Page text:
About this Research Topic
Over the last decade intense investigation of CD4 and CD8 T cells have revealed subsets
that can be identified by their distinct patterns of cytokine production, phenotypes and function
that develop their unique features as a consequence of cytokine and T cell receptor signals during interaction with antigen-presenting cells.
This understanding and research still ongoing has and will lead to an appreciation of the extremely broad diversity of T cells that perform myriad critical functions in immunity and contribute to immunopathology.
One aspect of the heterogeneity of T cells that has received somewhat less analysis is the fact that effector T cells that develop in or migrate to different organs and to tissue sites of infection are very different from one another in their phenotypes, cytokine polarization and function. Major questions include:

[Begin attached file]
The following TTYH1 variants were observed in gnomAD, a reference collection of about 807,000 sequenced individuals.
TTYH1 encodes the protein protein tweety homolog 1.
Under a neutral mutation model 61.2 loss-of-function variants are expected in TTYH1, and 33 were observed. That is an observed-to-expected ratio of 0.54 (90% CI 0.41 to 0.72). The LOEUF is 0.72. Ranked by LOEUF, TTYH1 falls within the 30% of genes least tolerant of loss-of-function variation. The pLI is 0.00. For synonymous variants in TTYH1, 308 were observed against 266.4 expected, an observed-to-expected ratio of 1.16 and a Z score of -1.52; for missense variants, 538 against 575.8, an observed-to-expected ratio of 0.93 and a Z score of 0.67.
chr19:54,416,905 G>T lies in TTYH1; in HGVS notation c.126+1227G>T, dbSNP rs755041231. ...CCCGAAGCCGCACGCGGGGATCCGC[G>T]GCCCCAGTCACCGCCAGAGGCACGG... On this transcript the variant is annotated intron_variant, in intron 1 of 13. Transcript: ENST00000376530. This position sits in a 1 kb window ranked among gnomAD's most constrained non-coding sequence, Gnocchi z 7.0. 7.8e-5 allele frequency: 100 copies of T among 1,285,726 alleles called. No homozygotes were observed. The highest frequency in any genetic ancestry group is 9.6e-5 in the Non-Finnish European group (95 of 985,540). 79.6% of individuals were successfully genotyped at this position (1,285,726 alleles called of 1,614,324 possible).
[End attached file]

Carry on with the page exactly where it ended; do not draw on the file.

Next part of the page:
1) How does the organ and tissue specificity arise?
2) What are the characteristics of effectors in different sites and how
do they contribute to immunity?
3) To what extent does their specialization dictate their protective and
4) Are the memory cells that develop from specialized effectors also
specialized and do they remain in the same site?
5) Do B cells display an equivalent heterogeneity and what are its most
By drawing together the newest investigations into this topic we hope to
gain deeper insights into how the immune system components are
Integrated to provide optimum immunity to the wide variety of pathogens that
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